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NASA Study Shows Health, Food Security Benefits From Climate Change Actions
A new study led by a NASA scientist highlights 14 key air pollution control measures that, if implemented, could slow the pace of global warming, improve health and boost agricultural production.
The research, led by Drew Shindell of NASA's Goddard Institute for Space Studies (GISS) in New York City, finds that focusing on these measures could slow mean global warming 0.9°F (0.5°C) by 2050, increase global crop yields by up to 135 million metric tons per season and prevent hundreds of thousands of premature deaths each year. While all regions of the world would benefit, countries in Asia and the Middle East would see the biggest health and agricultural gains from emissions reductions.
"We've shown that implementing specific practical emissions reductions chosen to maximize climate benefits would also have important 'win-win' benefits for human health and agriculture," said Shindell. The study was published today in the journal Science.
Shindell and an international team considered about 400 control measures based on technologies evaluated by the International Institute for Applied Systems Analysis in Laxenburg, Austria. The new study focused on 14 measures with the greatest climate benefit. All 14 would curb the release of either black carbon or methane, pollutants that exacerbate climate change and damage human or plant health either directly or by leading to ozone formation.
Black carbon, a product of burning fossil fuels or biomass such as wood or dung, can worsen a number of respiratory and cardiovascular diseases. The small particles also absorb radiation from the sun causing the atmosphere to warm and rainfall patterns to shift. In addition, they darken ice and snow, reducing their reflectivity and hastening global warming.
Methane, a colorless and flammable substance that is a major constituent of natural gas, is both a potent greenhouse gas and an important precursor to ground-level ozone. Ozone, a key component of smog and also a greenhouse gas, damages crops and human health.
While carbon dioxide is the primary driver of global warming over the long term, limiting black carbon and methane are complementary actions that would have a more immediate impact because these two pollutants circulate out of the atmosphere more quickly.
Shindell and his team concluded that these control measures would provide the greatest protection against global warming to Russia, Tajikistan and Kyrgyzstan, countries with large areas of snow or ice cover. Iran, Pakistan and Jordan would experience the most improvement in agricultural production. Southern Asia and the Sahel region of Africa would see the most beneficial changes to precipitation patterns.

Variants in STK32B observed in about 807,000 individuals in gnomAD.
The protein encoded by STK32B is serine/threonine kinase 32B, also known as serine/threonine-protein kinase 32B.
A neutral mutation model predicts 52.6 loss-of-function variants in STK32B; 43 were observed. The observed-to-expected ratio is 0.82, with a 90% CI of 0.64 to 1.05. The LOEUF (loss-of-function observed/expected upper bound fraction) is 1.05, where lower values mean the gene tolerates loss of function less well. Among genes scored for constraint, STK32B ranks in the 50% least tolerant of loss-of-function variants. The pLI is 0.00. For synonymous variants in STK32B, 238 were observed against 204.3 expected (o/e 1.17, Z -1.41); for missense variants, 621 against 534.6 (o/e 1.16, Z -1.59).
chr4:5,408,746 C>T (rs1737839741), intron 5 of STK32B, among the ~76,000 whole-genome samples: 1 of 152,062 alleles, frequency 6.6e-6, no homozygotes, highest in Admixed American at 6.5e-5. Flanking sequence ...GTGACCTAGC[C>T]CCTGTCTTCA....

The south Asian countries of India, Bangladesh and Nepal would see the biggest reductions in premature deaths. The study estimates that globally between 700,000 and 4.7 million premature deaths could be prevented each year.
Black carbon and methane have many sources. Reducing emissions would require that societies make multiple infrastructure upgrades. For methane, the key strategies the scientists considered were capturing gas escaping from coal mines and oil and natural gas facilities, as well as reducing leakage from long-distance pipelines, preventing emissions from city landfills, updating wastewater treatment plants, aerating rice paddies more, and limiting emissions from manure on farms.
For black carbon, the strategies analyzed include installing filters in diesel vehicles, keeping high-emitting vehicles off the road, upgrading cooking stoves and boilers to cleaner burning types, installing more efficient kilns for brick production, upgrading coke ovens and banning agricultural burning.
The scientists used computer models developed at GISS and the Max Planck Institute for Meteorology in Hamburg, Germany, to model the impact of emissions reductions. The models showed widespread benefits from the methane reduction because it is evenly distributed throughout the atmosphere. Black carbon falls out of the atmosphere after a few days so the benefits are stronger in certain regions, especially ones with large amounts of snow and ice.
"Protecting public health and food supplies may take precedence over avoiding climate change in most countries, but knowing that these measures also mitigate climate change may help motivate policies to put them into practice," Shindell said. The new study builds on a United Nations Environment Program/World Meteorological Organization report, also led by Shindell, published last year.
"The scientific case for fast action on these so-called 'short-lived climate forcers' has been steadily built over more than a decade, and this study provides further focused and compelling analysis of the likely benefits at the national and regional level," said United Nations Environment Program Executive Director Achim Steiner.
Shindell, D., J.C.I. Kuylenstierna, E. Vignati, R. van Dingenen, M. Amann, Z. Klimont, S.C. Anenberg, N. Muller, G. Janssens-Maenhout, F. Raes, J. Schwartz, G. Faluvegi, L. Pozzoli, K. Kupiainen, L. Höglund-Isaksson, L. Emberson, D. Streets, V. Ramanathan, K. Hicks, N.T.K. Oanh, G. Milly, M. Williams, V. Demkine, and D. Fowler, 2012: Simultaneously mitigating near-term climate change and improving human health and food security. Science, 335, 183-189, doi:10.1126/science.1210026.
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This article was originally prepared by Adam Voiland and Rani Gran as a NASA Portal Looking at Earth news feature.